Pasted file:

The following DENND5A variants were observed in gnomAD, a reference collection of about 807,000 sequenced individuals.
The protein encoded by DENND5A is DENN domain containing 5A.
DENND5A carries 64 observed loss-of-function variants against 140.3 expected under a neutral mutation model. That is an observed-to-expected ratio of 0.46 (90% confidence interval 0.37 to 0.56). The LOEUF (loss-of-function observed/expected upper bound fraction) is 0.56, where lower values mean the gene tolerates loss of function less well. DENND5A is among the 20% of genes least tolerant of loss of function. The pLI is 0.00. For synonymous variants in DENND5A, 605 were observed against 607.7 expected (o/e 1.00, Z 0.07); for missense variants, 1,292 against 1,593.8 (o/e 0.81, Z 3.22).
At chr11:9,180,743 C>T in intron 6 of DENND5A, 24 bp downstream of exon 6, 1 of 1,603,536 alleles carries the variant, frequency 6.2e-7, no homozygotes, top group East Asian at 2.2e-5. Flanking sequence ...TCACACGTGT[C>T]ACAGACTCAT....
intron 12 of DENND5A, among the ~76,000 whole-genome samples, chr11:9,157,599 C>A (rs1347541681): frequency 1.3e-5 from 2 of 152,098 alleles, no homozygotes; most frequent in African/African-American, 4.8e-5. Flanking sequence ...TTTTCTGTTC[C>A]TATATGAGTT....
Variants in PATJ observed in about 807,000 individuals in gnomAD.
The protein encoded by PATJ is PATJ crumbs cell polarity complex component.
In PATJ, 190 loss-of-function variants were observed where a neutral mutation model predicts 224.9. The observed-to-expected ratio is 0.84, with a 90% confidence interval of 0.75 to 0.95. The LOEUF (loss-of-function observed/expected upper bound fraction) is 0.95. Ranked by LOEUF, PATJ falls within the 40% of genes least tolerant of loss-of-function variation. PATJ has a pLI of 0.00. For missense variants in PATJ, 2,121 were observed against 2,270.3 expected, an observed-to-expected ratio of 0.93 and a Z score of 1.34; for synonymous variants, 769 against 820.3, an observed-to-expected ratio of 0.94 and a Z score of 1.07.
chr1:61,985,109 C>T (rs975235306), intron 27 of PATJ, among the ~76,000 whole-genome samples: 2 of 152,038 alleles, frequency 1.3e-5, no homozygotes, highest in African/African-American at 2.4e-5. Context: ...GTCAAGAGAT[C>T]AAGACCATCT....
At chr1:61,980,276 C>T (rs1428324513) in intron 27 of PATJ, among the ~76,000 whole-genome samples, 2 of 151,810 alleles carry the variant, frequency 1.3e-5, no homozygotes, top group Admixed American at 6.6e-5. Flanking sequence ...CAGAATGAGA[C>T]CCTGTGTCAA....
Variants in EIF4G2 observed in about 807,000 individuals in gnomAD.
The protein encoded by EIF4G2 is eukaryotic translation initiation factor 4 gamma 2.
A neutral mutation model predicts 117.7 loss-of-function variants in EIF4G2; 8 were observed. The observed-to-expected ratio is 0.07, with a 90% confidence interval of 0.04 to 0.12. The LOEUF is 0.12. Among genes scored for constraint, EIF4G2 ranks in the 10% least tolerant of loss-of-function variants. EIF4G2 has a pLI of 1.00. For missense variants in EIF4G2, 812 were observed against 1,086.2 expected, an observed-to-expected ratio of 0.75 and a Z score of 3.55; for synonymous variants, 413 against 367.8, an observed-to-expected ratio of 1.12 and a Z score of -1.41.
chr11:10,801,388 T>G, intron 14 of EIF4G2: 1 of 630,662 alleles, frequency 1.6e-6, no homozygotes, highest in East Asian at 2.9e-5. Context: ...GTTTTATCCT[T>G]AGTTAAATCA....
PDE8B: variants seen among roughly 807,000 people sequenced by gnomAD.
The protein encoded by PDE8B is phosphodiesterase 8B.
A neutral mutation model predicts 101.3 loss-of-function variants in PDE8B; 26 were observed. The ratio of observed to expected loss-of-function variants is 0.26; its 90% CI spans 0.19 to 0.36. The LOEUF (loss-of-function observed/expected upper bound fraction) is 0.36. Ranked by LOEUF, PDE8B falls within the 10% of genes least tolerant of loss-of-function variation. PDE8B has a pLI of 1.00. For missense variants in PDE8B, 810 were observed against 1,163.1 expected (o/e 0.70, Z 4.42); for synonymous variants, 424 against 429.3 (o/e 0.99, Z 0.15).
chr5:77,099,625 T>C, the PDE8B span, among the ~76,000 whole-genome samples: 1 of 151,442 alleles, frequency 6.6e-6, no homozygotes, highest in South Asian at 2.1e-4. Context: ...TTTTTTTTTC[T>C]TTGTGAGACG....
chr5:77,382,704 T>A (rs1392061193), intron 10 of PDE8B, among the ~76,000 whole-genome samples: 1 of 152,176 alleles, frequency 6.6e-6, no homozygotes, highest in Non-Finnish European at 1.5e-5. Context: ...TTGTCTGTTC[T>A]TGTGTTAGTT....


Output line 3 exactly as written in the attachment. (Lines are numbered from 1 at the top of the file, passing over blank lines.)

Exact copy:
DENND5A carries 64 observed loss-of-function variants against 140.3 expected under a neutral mutation model. That is an observed-to-expected ratio of 0.46 (90% confidence interval 0.37 to 0.56). The LOEUF (loss-of-function observed/expected upper bound fraction) is 0.56, where lower values mean the gene tolerates loss of function less well. DENND5A is among the 20% of genes least tolerant of loss of function. The pLI is 0.00. For synonymous variants in DENND5A, 605 were observed against 607.7 expected (o/e 1.00, Z 0.07); for missense variants, 1,292 against 1,593.8 (o/e 0.81, Z 3.22).